Firewatch is a game many have been looking forward to since the moment they laid eyes on it. It’s impossibly beautiful setting, coupled with a unique and refreshing sense of humor all painted a very intriguing picture. Having played through the PS4 version of Firewatch several times, I’ve come away with an experience that had my heart-racing in one instance, and me laughing out loud during another.
What you might not have known about Firewatch is that the game has a very interesting background fill before you even step into the main story of the game. The first fifteen or twenty minutes are about players filling in the background of who Henry was before he came to Wyoming.
Everything is centered around Henry and his wife Julia. I learned about what has happened between the two, from the moment they met to the summer Henry spends as a lookout. Choices were given to me in regards to important decisions Henry made over the course of their relationship, and although switching up choices in separate playthroughs does yield a subtle difference, the major plot lines do not change.
I was slightly disappointed with the fact that early choices didn’t really impact where and why Henry has come to Wyoming to be a lookout for the summer. They are there merely just to be there, and lend maybe a different line or two for you to read. Aside from the irrelevant choices, the background between Henry and his wife Julia is truly heart-wrenching, and is an unexpected canon for what happens after.
Once you get into the summer job of Henry’s, you go through the story exploring the gorgeous and colorful landscape of Wyoming. Firewatch does look best on PC, however, it still is plenty beautiful on PS4. Controls are rather basic and that’s fine for the type of experience this game is, though trying to navigate through the wilderness with his map can be frustrating at times.
I get that Campo Santo is trying to give players a more real experience of what it is like to navigate through the unknown wilderness, but there were certain instances when a little more direction would’ve been helpful. That said, getting lost wasn’t always the worst thing as I frequently stumbled upon cache boxes scattered around the world, and each of them provided further background on other characters in the game.
I believe Firewatch is meant to be an experience you leisurely take your time with, versus one you sprint through, and I’m speaking literally. This became evident when sprinting on the PS4 version of the game frequently caused choppiness, drops in frame-rate and a one-time instance of the game freezing, resulting in a reset. It wasn’t a problem to not sprint through the world, however, when you slowed down, that also meant the game’s narrative and plot began to drag.
The first half of the game does a fine job of introducing us to the sarcastic, witty and humorous relationship between Delilah and Henry. Their relationship evolves and it’s interesting to learn more about each person as you explore the various dialogue options. Playing with the different responses is quite a lot of fun and is worth a few playthroughs just to hear everything and see what would have changed had you said the other line.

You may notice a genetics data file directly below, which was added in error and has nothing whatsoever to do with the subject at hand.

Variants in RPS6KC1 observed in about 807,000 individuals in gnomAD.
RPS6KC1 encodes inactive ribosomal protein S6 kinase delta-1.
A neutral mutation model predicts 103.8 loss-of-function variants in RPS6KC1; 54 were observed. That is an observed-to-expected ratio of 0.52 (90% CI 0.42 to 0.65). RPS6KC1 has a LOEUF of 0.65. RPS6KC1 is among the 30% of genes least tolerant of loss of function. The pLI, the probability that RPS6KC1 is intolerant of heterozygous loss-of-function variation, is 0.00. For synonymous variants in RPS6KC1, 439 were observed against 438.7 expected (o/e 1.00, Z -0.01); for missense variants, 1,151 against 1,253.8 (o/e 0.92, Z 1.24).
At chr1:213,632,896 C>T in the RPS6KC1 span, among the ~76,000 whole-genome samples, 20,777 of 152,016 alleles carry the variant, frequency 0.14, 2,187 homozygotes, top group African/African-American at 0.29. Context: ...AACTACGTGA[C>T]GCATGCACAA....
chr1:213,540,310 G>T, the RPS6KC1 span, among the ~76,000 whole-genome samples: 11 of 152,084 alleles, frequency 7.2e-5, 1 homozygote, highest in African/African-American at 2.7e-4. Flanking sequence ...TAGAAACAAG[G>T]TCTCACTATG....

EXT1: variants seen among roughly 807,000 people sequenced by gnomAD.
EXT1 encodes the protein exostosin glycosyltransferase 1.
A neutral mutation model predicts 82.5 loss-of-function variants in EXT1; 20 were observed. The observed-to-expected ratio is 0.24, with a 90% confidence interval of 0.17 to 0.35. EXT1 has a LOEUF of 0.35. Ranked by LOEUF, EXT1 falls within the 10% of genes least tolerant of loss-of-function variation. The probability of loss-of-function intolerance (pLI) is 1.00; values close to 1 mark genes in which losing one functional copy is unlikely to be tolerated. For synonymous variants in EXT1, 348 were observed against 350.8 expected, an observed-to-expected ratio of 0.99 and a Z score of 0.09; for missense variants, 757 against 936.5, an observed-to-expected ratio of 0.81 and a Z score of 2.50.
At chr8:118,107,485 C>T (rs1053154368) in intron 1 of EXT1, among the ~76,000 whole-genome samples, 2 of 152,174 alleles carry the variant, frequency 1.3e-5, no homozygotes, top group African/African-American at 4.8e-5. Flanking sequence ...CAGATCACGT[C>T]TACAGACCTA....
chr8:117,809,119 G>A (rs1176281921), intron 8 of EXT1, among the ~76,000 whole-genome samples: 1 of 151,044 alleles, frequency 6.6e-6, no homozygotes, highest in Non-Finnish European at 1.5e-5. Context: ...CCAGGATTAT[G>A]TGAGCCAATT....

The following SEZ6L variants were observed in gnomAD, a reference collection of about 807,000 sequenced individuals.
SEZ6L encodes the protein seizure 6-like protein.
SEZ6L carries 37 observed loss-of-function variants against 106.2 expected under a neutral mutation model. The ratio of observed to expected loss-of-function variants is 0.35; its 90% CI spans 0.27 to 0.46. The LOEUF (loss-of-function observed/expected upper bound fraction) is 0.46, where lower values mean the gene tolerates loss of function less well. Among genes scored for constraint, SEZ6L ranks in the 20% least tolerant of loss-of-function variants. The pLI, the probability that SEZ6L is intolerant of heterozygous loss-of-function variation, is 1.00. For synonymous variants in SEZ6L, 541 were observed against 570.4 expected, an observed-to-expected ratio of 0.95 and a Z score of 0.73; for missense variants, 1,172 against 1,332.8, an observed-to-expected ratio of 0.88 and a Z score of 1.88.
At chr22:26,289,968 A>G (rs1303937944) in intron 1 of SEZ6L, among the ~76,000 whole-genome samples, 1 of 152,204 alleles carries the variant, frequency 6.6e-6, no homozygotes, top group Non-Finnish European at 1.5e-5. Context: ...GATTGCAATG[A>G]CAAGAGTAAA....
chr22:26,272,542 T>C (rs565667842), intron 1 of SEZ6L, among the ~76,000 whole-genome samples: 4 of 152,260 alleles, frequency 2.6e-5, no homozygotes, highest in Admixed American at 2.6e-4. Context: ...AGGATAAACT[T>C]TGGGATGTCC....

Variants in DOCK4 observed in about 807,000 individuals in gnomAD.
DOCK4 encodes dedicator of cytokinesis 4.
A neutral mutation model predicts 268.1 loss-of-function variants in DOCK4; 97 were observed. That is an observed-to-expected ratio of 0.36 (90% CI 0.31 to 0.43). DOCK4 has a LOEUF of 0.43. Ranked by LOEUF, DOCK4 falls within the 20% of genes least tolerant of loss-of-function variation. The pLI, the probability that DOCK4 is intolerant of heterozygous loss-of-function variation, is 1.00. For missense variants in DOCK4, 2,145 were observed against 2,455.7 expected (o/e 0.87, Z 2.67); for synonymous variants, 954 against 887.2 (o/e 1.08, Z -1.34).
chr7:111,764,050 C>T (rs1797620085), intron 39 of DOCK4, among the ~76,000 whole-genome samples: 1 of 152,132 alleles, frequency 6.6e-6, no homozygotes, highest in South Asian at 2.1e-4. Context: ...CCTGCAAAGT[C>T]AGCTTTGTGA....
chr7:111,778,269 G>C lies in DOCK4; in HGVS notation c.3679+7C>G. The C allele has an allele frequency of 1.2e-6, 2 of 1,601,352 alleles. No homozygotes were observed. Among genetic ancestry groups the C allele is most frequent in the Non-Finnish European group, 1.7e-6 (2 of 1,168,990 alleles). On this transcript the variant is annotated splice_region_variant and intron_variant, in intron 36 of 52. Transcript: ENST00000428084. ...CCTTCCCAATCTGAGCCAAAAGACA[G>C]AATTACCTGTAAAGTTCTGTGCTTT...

Firewatch does a great job of searching your soul through the dialogue choices you have to make between Delilah and Henry. What are your intentions for the two of them? How loyal of a husband is Henry? These are a few of the questions you will answer on your own and you have to live with them, no matter how things shake out. Firewatch is at its strongest with the serious choices it sets on the player’s shoulders, particularly towards the end of the game.
Despite a very slow start, Firewatch‘s narrative turns out to be brilliant with the way it makes you believe one thing is happening, when it reality, it turns out to be something entirely different. Campo Santo had me thinking one way the entire time I played the game, and then it wonderfully turned the tables on me and showed what the logical, true reality of this world was.
A few moments had me losing my mind as I wandered through the wilderness. Having already been attack from behind once in a previous moment of the game, I couldn’t get that out of my mind. That hand-in-hand with a sometimes creepy soundtrack, made the rest the story a high-blood pressure experience.
How Firewatch is ultimately resolved is spectacular in my opinion. I think many people will appreciate where it ended up, especially with some of the other places it could have gone. My first playthrough was around four and a half hours, while the second was considerably shorter.
Firewatch has a funny, surprisingly intelligent narrative all captured within a spectacular and grand setting that worth a picture or two. Even though there were some obvious performance issues with the PS4 version of the game, Firewatch is still more than worth playing, multiple times.
- Unexpected, brilliant story
- Breathtaking setting
- Hilarious dialogue
- Performance issues
Campo Santo provided byteclay.com with a PS4 code of Firewatch for the purposes of this review.